Sharfuddin Ahmed, J.
1. The short question that arises in this case on a reference by the J.S. C M. Ongole under 'section 432 Criminal procedure Code is whether Sub-section (3) of Section 249 of the Madras Dist. Municipalities Act is void and unenforceable being repugnant and opposed to the fundamental rights guaranteed to a citizen under Article 19 of the Constitution of India.
2. The question arises In the following circumstances. The respondent herein was charge-sheeted for an offence Under Sections 249 and 250 read with Section 313 (1) of the Madras Dist. Municipalities Act inasmuch as he was found to be running a machinery viz., timber cutting machine with ten horse power electric Motor without obtaining necessary licence as required Under Section 249 of the Madras Disi Municipalities Act. It was contended in that connection with reference to decisions of the Madras and Mysore High Courts that the powers vested in the Municipality Under Section 249 (3) were arbitrary and therefore repugnant to Article 19 of the Constitution. It is on this basis that the learned Magistrate has made the reference.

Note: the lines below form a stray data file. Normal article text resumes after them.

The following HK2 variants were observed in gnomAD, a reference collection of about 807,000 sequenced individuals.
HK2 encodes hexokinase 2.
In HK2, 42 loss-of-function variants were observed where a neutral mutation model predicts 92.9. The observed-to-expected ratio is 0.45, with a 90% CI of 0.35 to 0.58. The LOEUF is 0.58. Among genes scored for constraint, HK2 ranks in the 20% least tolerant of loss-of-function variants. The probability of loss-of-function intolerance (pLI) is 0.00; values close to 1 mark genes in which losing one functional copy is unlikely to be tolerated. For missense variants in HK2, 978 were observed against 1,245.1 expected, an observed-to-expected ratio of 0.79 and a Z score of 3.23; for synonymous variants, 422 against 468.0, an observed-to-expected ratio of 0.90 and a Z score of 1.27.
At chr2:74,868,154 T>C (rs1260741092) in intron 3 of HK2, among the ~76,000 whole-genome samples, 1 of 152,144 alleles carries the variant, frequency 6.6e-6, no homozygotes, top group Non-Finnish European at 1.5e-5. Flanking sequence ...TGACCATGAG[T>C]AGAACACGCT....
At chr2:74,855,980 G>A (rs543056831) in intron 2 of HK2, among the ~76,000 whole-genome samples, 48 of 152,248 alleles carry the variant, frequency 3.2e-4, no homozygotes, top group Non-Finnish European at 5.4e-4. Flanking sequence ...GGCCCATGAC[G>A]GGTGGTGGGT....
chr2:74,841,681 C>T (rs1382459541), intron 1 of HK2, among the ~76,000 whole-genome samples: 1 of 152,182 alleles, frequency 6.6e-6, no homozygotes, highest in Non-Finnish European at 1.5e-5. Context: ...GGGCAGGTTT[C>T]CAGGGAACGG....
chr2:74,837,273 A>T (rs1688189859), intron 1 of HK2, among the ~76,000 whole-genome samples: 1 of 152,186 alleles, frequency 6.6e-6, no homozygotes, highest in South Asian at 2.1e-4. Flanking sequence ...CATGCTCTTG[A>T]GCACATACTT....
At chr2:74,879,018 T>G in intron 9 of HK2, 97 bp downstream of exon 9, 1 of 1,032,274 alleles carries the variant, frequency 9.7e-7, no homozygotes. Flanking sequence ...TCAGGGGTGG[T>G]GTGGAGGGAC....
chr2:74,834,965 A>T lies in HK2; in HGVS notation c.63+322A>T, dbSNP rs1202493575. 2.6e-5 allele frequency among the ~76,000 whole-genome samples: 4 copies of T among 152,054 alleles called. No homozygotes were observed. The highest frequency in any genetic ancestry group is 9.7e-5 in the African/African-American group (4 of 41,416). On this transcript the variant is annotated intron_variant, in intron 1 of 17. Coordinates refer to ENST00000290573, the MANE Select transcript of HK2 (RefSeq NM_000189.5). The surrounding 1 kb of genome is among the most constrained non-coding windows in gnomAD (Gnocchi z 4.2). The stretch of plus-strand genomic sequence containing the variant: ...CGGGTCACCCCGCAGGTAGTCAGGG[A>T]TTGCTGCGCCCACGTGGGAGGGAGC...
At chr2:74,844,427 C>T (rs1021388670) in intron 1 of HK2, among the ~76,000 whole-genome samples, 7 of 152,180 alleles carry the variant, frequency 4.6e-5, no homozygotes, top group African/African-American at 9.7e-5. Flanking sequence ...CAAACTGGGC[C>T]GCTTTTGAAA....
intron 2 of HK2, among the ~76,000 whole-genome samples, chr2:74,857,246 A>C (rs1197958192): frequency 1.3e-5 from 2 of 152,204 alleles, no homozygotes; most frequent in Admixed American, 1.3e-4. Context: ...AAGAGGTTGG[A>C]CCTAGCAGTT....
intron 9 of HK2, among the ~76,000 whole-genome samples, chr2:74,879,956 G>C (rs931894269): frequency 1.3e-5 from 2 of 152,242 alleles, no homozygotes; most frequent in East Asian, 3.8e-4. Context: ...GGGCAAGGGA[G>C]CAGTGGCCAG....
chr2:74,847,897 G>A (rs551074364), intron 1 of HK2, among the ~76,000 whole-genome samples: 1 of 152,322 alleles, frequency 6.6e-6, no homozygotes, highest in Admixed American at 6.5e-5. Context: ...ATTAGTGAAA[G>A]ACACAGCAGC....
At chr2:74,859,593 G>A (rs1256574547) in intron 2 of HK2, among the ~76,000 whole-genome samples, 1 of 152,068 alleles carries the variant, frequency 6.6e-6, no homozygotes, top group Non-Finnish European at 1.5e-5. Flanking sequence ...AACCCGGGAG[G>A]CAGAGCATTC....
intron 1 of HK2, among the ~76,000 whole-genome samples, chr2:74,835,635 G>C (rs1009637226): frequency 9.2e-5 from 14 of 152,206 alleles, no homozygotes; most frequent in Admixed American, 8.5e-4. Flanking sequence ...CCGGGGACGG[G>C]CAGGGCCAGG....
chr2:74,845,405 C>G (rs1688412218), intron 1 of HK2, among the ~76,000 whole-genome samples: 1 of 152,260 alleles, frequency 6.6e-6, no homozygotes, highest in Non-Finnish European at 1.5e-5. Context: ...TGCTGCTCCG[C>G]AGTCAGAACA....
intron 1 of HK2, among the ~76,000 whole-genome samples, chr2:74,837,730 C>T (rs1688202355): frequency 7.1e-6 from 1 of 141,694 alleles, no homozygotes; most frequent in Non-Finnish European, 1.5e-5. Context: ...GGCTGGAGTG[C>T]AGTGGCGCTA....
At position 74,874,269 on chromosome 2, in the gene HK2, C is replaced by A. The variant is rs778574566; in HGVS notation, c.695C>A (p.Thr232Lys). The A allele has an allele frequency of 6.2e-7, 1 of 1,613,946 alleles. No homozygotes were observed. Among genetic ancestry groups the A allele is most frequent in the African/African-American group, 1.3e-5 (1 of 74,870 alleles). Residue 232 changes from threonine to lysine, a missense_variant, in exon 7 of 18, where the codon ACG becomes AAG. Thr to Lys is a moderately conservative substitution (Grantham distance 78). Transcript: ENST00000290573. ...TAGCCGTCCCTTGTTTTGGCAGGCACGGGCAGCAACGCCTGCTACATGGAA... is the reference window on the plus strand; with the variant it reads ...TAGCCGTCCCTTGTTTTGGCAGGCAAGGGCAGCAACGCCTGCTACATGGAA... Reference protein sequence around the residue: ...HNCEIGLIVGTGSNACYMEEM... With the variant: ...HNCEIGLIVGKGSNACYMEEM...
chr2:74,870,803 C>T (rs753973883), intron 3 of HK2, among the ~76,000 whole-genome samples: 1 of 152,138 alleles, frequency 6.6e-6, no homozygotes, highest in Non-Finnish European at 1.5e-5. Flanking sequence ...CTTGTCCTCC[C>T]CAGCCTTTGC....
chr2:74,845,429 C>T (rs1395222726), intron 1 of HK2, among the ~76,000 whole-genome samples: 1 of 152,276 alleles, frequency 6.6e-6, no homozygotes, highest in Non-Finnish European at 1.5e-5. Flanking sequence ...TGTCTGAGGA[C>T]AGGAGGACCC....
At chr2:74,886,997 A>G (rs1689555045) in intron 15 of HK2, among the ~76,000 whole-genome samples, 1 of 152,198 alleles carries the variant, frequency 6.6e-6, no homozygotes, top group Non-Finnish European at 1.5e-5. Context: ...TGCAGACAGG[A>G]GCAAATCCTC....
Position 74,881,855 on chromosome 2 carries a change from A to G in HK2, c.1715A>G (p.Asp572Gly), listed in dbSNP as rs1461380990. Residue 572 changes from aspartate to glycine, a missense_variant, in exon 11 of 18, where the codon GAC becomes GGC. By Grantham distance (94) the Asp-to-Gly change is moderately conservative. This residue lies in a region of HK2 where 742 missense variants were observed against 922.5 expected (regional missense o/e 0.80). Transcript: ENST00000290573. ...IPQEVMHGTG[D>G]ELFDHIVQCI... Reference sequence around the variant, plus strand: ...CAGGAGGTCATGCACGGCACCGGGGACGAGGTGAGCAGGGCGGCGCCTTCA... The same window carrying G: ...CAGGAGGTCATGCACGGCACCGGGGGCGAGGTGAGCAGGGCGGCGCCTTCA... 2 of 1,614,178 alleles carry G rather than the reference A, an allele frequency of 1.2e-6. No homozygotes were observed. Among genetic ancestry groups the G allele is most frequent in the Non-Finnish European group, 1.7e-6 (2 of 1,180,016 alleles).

3. Section 249 (3) of the Madras District Municipalities Act provides;-
The Executive authority may by an order and under such restrictions and regulations as he thinks fit, grant or refuse to grant such licence.' This provision finds a place in Chapter XII Part IV which bears the heading 'Public Health, Safety and Convenience.
The contention before the learned Magistrate was that Under this sub-section. the powers in the Municipalities to grant or refuse a licence were without any guiding principles, they were arbitrary and as such in violation of the fundamental rights guaranteed to the citizens.
4. The same view seems to have been taken in the Madras decisions in the case of K. Mohamed Khasim v. Municipal Council Ootacamund A.I.R. 1956 Mad 181 where Rajagopala Ayyar, J., has held that:
In my opinion, the sub-section in its present form is in contravention of Article 19 and has to be struck down as violating the fundamental rights guaranteed by Article 19(1)(g).
This is the only observation made by his Lordship and there is no reference to any of the other provisions of the Act nor any discussion as to wather the conclusion arrived at was with reference to the entire scheme of the Act.
5. The same view seems to have been for lowed by the Mysore High Court in the case of Addl. Subordinate Judge, Mangalore v. B. Puru shothama Baliga 1959 Mad LJ (Cri) 923. It has been observed that: